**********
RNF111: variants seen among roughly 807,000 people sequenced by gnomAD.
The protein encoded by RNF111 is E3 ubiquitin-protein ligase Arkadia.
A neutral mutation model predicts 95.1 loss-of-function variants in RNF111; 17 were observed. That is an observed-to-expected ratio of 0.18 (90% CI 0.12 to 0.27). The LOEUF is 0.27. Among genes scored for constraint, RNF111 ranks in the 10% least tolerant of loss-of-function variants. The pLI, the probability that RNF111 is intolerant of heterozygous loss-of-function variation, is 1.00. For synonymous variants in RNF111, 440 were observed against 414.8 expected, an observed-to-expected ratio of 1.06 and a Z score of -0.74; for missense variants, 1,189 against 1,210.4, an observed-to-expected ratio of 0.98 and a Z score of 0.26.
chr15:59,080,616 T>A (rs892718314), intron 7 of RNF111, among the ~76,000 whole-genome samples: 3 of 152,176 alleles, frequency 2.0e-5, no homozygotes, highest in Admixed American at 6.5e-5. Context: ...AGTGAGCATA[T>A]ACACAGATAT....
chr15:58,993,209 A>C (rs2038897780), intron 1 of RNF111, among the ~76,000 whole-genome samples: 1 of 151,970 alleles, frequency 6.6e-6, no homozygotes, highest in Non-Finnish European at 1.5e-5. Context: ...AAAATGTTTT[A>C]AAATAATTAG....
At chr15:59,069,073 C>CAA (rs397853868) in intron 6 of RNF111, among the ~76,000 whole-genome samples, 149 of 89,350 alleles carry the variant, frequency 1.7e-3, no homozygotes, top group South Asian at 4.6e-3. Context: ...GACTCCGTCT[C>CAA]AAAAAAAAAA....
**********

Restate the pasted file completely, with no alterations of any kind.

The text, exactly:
RNF111: variants seen among roughly 807,000 people sequenced by gnomAD.
The protein encoded by RNF111 is E3 ubiquitin-protein ligase Arkadia.
A neutral mutation model predicts 95.1 loss-of-function variants in RNF111; 17 were observed. That is an observed-to-expected ratio of 0.18 (90% CI 0.12 to 0.27). The LOEUF is 0.27. Among genes scored for constraint, RNF111 ranks in the 10% least tolerant of loss-of-function variants. The pLI, the probability that RNF111 is intolerant of heterozygous loss-of-function variation, is 1.00. For synonymous variants in RNF111, 440 were observed against 414.8 expected, an observed-to-expected ratio of 1.06 and a Z score of -0.74; for missense variants, 1,189 against 1,210.4, an observed-to-expected ratio of 0.98 and a Z score of 0.26.
chr15:59,080,616 T>A (rs892718314), intron 7 of RNF111, among the ~76,000 whole-genome samples: 3 of 152,176 alleles, frequency 2.0e-5, no homozygotes, highest in Admixed American at 6.5e-5. Context: ...AGTGAGCATA[T>A]ACACAGATAT....
chr15:58,993,209 A>C (rs2038897780), intron 1 of RNF111, among the ~76,000 whole-genome samples: 1 of 151,970 alleles, frequency 6.6e-6, no homozygotes, highest in Non-Finnish European at 1.5e-5. Context: ...AAAATGTTTT[A>C]AAATAATTAG....
At chr15:59,069,073 C>CAA (rs397853868) in intron 6 of RNF111, among the ~76,000 whole-genome samples, 149 of 89,350 alleles carry the variant, frequency 1.7e-3, no homozygotes, top group South Asian at 4.6e-3. Context: ...GACTCCGTCT[C>CAA]AAAAAAAAAA....